A Practical Ethnic Studies Program: The Asian American Studies Program at the University of Massachusetts Boston Complements Students' Career Tracks and Engages Them in the Surrounding Asian American Community

By Lum, Lydia | Diverse Issues in Higher Education, February 19, 2009 | Go to article overview

A Practical Ethnic Studies Program: The Asian American Studies Program at the University of Massachusetts Boston Complements Students' Career Tracks and Engages Them in the Surrounding Asian American Community


Lum, Lydia, Diverse Issues in Higher Education


[ILLUSTRATION OMITTED]

For many educators, large numbers of graduates are not only a bragging right but a goal. But those involved in the Asian American Studies Program at the University of Massachusetts Boston are quite comfortable producing only one or two graduates annually--despite boasting one of the largest programs of its kind among New England schools.

UMass Boston faculty don't encourage many students to major in Asian American studies. Instead, students typically delve into Asian topics alongside a major such as nursing, management or criminal justice. Why?

Faculty want students to earn degrees leading directly to careers. Like ethnic studies programs everywhere, a bachelor's in Asian American studies often leads to graduate school.

"So many of our students are working class, they need to be practical and support their families," says Dr. Peter Kiang, a professor of education and director of the UMass Boston Asian American Studies Program. "We want our program to complement engineering or ac counting or any other career."

Adds Dr. Elora Chowdhury, assistant professor of women's studies: "That vision holds everyone on faculty together."

In 2006, more than half of all 12,000 UMass Boston students were first-generation college-goers, and 63 percent had transferred from elsewhere. More than half the undergraduates were older than 22. Typically, students juggled classes alongside family obligations and at least one job. Asian Americans were no exception at the urban, commuter UMass Boston.

Consequently, Chowdhury, Kiang and 27 other faculty touch as many students as possible through the 27 Asian American courses. The program's size and scope rival those of some West Coast universities. Non-Asians make up more than 20 percent of students taking classes in UMass Boston's program. Courses are as varied as "Asian American Psychology," "Indian Cinema" and "Asian American Politics and Social Movements."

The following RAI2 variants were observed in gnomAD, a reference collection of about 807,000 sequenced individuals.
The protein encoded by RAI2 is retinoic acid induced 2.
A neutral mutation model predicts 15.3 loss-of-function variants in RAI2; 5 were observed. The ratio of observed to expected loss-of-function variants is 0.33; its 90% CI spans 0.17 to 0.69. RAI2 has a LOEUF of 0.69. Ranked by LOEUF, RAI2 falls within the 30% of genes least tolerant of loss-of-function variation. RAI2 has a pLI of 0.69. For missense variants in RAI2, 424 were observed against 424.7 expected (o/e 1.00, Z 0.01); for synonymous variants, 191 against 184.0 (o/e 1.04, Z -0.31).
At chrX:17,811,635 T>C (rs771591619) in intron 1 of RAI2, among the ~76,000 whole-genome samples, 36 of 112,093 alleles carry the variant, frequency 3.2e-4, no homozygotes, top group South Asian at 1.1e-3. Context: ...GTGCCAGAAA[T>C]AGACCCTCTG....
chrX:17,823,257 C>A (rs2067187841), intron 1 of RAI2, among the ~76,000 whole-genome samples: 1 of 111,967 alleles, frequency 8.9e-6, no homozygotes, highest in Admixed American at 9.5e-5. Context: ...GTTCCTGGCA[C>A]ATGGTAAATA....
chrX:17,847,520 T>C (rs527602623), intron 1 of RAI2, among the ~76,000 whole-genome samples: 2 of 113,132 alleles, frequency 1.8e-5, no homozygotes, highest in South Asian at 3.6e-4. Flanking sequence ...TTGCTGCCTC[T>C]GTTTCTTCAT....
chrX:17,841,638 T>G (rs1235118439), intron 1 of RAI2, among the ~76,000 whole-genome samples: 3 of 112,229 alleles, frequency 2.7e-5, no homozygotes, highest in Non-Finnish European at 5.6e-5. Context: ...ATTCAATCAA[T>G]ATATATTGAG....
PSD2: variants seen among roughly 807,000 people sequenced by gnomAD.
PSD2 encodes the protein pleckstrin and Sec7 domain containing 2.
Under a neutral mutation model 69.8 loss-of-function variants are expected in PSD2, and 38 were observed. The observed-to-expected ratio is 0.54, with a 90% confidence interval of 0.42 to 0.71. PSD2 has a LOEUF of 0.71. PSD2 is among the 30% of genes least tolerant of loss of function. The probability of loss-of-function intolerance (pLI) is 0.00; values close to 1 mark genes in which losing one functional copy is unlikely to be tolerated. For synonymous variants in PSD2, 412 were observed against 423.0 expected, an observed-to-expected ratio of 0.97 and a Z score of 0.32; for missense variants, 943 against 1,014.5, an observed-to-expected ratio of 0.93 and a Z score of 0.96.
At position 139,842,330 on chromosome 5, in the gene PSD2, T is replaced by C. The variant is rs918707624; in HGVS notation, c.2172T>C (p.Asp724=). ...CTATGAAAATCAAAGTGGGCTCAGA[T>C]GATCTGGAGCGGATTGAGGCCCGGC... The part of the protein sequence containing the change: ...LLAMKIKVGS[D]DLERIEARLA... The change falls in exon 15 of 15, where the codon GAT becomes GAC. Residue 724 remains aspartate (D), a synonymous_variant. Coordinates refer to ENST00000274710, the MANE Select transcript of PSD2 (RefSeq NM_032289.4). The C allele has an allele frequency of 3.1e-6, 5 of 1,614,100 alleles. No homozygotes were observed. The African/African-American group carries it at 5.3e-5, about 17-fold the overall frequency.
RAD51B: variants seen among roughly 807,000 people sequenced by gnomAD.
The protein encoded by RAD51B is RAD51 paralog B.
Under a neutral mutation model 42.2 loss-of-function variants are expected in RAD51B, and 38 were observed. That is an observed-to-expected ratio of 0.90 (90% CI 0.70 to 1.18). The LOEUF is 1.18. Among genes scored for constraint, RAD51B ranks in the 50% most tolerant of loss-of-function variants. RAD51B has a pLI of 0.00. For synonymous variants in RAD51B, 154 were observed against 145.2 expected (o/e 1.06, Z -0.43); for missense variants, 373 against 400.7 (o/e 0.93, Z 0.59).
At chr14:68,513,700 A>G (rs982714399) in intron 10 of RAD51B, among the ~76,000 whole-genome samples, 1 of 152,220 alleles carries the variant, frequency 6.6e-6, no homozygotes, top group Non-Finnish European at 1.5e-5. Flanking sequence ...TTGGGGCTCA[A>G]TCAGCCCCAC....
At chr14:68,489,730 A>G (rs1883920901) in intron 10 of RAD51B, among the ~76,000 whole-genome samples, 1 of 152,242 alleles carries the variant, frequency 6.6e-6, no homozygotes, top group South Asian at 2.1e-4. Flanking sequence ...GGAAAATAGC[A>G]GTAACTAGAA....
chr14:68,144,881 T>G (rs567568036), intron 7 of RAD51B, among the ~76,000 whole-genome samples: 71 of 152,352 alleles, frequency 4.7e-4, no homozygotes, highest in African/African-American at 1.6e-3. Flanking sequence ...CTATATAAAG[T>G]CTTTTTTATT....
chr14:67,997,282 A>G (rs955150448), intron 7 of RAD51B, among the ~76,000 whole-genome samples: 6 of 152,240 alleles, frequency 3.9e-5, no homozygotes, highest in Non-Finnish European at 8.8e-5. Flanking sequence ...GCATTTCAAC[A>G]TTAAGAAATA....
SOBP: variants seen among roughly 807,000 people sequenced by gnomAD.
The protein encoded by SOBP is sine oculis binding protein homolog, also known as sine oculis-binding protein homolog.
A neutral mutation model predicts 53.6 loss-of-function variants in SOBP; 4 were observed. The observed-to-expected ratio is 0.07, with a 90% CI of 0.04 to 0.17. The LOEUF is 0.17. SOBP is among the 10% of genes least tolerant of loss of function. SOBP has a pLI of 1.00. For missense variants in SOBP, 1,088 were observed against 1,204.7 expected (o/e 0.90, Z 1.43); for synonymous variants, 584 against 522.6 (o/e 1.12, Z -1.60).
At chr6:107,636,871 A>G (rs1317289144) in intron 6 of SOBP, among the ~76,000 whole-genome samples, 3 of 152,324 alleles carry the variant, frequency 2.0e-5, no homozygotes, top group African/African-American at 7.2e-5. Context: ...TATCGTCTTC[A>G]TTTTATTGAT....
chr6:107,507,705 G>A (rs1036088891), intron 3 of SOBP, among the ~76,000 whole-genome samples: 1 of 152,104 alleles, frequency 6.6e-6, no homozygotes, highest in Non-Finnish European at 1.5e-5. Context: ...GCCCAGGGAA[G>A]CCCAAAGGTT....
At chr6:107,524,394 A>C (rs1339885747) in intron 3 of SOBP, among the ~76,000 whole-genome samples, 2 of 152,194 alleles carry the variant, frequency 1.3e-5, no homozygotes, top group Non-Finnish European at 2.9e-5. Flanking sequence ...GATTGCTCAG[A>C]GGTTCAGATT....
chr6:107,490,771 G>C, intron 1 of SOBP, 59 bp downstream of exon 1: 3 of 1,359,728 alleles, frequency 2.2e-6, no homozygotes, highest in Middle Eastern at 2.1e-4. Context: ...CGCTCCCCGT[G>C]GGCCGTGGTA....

Even if UMass Boston students take only one of the 27 courses, Kiang says, he hopes it not only improves their understanding of ethnicity but also hones their critical thinking skills.

Battling Preconceptions

Faculty concede the scarcity of majors in Asian American studies reflects the lack of familiarity that Asian immigrant families have with the academic field and its related professional opportunities. And, skepticism can be contagious. The academic program's campus-based sister, the Institute for Asian American Studies, often battles preconceptions from potential funders that its research of local ethnic communities has already been undertaken, says Dr. Paul Watanabe, IAAS director.

That's nonsense, says Dr. Gary Orfield, who co-directs the Civil Rights Project/Proyecto Derechos Civiles at the University of California, Los Angeles. He calls the IAAS "an invaluable partner in thinking through Asian issues." When CRP was based at Harvard University, it collaborated with IAAS multiple times. Because IAAS provides little-known statistics on Asian American demographic trends, education attainment and family poverty rates in the Boston area, it helps dispel myths among policymakers that Asians are uniformly rich and well educated, Orfield says.

Some recent UMass Boston graduates active in Asian American studies have said they learned more there about history and contemporary issues than they thought possible, given their working-class upbringing and limited learning opportunities.

Two of them offered written testimonials at a graduation celebration last May. Dang Huynh, an economics major, emigrated from Vietnam when he was 4 years old. He was the first in his immediate family to graduate from a U.S. college. Judy Mal, a double major in sociology and criminal justice, was born and raised in Boston to Vietnamese refugees. Huynh and Mai each finished a six-course program of study in Asian American studies, the equivalent of a minor. …

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